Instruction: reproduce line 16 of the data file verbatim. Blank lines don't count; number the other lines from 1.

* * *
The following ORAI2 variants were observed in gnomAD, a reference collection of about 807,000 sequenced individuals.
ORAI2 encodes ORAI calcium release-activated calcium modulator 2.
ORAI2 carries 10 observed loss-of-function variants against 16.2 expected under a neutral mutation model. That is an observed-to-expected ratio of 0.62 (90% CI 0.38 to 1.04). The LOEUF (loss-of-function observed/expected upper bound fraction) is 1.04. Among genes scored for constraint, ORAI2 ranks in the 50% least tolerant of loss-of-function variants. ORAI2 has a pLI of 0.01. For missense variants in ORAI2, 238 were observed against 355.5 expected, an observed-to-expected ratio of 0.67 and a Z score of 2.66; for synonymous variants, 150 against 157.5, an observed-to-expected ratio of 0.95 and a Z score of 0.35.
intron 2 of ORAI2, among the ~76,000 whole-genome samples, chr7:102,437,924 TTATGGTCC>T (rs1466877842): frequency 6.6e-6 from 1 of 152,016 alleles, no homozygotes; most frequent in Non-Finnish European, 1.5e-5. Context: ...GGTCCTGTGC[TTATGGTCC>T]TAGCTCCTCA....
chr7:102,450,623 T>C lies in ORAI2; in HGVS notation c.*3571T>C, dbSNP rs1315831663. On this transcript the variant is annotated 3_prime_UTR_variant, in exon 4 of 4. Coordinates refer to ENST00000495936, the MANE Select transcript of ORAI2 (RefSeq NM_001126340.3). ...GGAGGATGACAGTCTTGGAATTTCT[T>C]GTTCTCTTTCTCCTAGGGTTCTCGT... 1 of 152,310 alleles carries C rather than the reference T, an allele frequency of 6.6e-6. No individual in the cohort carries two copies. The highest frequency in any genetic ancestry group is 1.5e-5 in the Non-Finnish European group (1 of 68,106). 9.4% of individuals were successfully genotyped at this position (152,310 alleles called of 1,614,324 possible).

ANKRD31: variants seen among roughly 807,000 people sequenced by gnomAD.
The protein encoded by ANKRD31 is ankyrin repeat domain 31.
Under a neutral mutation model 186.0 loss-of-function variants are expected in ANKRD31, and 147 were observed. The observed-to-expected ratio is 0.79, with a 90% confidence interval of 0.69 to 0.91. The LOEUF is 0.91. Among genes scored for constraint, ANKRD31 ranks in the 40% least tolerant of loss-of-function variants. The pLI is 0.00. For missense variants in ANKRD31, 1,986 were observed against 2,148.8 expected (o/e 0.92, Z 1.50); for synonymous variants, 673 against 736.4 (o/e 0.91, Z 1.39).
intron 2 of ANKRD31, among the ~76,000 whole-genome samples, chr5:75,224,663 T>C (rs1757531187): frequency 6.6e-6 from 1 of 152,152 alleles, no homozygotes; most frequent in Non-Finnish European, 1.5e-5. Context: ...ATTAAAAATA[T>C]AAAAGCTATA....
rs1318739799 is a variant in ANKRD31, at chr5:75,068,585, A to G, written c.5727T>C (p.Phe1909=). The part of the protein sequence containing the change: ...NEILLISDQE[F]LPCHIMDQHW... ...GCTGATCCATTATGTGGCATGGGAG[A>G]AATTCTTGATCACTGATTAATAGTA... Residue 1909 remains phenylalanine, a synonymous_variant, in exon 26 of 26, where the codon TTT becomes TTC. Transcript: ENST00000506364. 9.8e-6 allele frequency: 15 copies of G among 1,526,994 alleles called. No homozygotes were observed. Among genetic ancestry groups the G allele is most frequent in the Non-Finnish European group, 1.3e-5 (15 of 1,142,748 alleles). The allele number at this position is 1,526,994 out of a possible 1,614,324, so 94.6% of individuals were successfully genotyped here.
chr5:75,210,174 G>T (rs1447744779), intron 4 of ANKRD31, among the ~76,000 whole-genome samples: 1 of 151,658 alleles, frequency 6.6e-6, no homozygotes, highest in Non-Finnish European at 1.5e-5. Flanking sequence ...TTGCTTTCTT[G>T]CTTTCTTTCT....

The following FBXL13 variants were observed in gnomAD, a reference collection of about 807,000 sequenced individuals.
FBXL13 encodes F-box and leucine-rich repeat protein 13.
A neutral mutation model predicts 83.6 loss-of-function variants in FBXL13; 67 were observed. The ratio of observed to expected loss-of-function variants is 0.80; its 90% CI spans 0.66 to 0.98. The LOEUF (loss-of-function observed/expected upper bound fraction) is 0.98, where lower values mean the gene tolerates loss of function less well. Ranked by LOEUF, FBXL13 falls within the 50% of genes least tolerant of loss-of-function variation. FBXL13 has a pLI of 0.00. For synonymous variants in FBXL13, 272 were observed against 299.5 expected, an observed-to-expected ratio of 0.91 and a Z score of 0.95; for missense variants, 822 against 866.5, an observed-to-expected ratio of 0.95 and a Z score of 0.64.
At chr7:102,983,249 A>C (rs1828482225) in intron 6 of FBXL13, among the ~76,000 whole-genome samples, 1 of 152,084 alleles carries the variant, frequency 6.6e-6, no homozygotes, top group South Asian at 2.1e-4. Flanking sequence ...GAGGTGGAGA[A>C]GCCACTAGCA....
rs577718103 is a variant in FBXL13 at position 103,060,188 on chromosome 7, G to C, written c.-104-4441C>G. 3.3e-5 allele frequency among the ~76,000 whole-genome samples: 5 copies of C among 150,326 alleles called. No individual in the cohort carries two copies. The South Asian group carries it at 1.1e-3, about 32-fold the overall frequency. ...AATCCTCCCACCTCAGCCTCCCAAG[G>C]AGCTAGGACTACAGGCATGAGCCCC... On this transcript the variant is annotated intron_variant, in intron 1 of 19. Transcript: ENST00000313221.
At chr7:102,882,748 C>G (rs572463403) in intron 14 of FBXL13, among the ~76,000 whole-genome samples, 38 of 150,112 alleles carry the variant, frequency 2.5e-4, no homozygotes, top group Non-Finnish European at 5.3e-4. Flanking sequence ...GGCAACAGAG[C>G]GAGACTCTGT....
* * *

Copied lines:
rs577718103 is a variant in FBXL13 at position 103,060,188 on chromosome 7, G to C, written c.-104-4441C>G. 3.3e-5 allele frequency among the ~76,000 whole-genome samples: 5 copies of C among 150,326 alleles called. No individual in the cohort carries two copies. The South Asian group carries it at 1.1e-3, about 32-fold the overall frequency. ...AATCCTCCCACCTCAGCCTCCCAAG[G>C]AGCTAGGACTACAGGCATGAGCCCC... On this transcript the variant is annotated intron_variant, in intron 1 of 19. Transcript: ENST00000313221.